Why This Company That Relies on Automation Talks Openly About the Future of Work Zume wants to lead the conversation about robots and human labor.
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Robots and humans baking pizzas together -- in delivery trucks en route to people's homes -- was just the beginning for Zume.
The Mountain View, Calif.-based company operates a pizza-delivery service, which launched in the Bay Area in September 2015. Since then, the proprietary technology it's developed to manage inventory, optimize delivery logistics and roboticize cooking has become an à la carte menu for other businesses who want to incorporate aspects of its tech, whether they're restaurants or kitchen appliance conglomerates.
In other words, Zume is a platform for food industry automation, literally from farm to table. Plus, consumers increasingly expect their food on demand, and restaurants struggle to keep up with the pace and the fees from third parties such as DoorDash and Uber Eats. Zume has filed more than 1,700 patents to address all of that and more.
The CEO, Alex Garden, doesn't shy away from conversations about what these new automation technologies mean for food industry workers.
Read on about how Zume prioritizes career development for its employees, and why Garden -- a CEO who never went to college and has learned on the job throughout his entrepreneurial career -- isn't afraid of bringing up the job-killing robotic elephant in the room.
This conversation has been edited for length and clarity.
1. How do you think about automation and the future of human labor?
We have a principle in the company that is hard core, and that is that automation and robotics exist to improve the quality of human lives. Every CEO is going to have to address this issue of how do we adopt these technologies and what impact will they have on our business? I really want to highlight that it's not a fait accompli that there is a dystopian outcome or a great outcome -- but it is a choice.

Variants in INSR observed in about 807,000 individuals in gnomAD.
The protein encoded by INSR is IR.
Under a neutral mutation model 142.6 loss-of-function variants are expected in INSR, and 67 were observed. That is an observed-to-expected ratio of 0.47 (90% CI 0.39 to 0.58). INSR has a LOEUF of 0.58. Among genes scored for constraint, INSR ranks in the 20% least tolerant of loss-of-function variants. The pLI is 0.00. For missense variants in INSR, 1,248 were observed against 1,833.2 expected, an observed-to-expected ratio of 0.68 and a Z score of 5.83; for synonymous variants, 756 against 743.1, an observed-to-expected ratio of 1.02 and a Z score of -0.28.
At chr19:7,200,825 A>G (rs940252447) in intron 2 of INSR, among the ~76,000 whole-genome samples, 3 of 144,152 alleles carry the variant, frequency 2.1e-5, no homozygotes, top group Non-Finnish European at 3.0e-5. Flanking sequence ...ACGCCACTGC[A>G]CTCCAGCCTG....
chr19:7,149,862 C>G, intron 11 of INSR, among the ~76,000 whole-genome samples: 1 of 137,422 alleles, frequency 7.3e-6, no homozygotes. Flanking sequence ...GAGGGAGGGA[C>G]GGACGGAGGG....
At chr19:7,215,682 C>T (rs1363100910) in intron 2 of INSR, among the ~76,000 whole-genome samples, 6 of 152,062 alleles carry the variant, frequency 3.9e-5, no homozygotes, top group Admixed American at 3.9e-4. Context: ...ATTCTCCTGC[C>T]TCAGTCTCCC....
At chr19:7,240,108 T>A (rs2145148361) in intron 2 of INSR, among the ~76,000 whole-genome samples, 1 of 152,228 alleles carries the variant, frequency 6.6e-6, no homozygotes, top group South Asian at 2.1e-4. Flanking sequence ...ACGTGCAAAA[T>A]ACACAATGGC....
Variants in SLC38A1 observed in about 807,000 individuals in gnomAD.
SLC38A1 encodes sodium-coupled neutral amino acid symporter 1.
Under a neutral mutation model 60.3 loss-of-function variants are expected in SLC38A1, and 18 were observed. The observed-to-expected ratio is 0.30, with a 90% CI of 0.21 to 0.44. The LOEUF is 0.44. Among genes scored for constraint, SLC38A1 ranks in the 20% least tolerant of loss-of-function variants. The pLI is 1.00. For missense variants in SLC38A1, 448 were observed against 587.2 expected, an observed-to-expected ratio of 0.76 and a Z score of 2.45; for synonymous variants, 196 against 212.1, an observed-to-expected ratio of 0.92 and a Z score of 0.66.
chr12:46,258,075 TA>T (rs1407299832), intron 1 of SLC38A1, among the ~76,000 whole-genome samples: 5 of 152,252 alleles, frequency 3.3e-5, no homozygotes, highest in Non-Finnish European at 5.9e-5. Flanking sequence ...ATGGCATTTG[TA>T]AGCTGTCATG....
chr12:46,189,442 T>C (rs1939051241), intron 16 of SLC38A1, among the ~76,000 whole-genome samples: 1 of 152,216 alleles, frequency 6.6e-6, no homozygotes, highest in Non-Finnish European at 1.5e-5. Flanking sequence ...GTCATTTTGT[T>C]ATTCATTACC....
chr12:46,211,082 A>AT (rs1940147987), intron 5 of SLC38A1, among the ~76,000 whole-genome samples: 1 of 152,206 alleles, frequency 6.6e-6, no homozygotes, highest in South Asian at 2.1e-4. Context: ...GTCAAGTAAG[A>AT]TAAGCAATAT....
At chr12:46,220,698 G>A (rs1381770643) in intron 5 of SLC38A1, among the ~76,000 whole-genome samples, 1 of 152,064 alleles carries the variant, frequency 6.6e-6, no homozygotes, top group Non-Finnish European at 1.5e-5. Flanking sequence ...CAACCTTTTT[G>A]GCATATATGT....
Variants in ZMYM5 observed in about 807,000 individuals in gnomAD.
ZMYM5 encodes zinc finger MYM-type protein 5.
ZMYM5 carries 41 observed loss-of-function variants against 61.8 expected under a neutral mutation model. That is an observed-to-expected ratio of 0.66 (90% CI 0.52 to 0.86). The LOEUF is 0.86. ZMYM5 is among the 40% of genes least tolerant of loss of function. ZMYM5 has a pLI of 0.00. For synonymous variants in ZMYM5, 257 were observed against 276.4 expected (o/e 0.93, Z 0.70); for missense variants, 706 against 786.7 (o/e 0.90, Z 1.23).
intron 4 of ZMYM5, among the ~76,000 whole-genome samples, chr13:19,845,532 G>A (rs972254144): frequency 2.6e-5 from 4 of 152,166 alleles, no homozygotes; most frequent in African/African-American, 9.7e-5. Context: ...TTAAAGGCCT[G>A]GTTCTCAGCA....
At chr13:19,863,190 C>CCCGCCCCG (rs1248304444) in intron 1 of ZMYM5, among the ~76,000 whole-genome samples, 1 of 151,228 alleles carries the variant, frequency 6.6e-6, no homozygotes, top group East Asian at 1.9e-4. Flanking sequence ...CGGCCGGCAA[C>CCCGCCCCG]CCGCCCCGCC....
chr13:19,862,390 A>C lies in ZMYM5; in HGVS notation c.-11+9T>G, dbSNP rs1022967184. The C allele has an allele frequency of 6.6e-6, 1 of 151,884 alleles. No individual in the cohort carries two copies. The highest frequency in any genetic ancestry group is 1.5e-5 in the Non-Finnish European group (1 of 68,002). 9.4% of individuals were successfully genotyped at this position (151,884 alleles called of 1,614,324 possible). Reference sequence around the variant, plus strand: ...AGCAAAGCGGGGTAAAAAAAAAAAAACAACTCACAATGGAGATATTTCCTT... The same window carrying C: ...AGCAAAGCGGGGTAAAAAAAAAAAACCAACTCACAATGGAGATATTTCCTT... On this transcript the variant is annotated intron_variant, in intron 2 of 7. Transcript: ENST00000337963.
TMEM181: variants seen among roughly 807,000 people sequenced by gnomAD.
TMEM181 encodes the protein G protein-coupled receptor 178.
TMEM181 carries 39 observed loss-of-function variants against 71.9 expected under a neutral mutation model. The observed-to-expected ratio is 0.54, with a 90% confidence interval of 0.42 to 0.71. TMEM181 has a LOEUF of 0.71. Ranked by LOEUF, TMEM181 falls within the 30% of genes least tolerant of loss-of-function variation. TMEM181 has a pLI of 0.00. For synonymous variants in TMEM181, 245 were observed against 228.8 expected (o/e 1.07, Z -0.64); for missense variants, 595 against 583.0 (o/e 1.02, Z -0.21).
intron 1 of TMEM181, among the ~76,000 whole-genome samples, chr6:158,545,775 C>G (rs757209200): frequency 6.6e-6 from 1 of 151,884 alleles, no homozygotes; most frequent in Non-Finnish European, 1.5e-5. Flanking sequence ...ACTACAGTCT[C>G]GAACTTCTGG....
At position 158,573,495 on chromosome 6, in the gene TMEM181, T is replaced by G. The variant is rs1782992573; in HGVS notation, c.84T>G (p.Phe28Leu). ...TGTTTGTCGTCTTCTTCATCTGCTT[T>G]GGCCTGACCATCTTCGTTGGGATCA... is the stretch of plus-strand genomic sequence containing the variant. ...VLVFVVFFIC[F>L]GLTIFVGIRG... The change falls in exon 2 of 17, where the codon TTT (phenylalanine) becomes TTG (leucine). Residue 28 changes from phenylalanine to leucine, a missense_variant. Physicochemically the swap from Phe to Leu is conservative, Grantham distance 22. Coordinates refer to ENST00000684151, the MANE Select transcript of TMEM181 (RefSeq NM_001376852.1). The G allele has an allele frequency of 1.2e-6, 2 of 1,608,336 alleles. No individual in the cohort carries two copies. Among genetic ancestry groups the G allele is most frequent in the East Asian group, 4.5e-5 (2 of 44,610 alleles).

Conventional wisdom for the last 200 years has been that you take the captured surplus from any innovation and you return it to shareholders. We're capitalists, we want to continue to run good businesses, but in this case, I think we have a higher responsibility, which is that as automation, robotics and AI change work, you need to take a significant portion of that captured surplus, and you have to return it to your employees and your customers.
2. How does Zume achieve that?
Our employees start at a minimum wage of $15 an hour. They get full medical, dental, vision benefits for them and their families. And anybody who's a full-time hourly worker, when they hit their six-month mark, they're eligible to become a shareholder in the company. At Zume, we use robots to do boring, dangerous, repetitive work so that our human employees can focus on things which they find safer and more rewarding and more fun.
But then it's about, what do the folks who were doing that work want to do? Do they want to go work in data science? Sales? Customer support? Financial planning and analysis? And how can we work with them to help them get the skills?
3. I know that Zume Pizza trucks, for example, are all designed to be "co-botic,' so that humans and robots can work side by side to bake pizzas en route.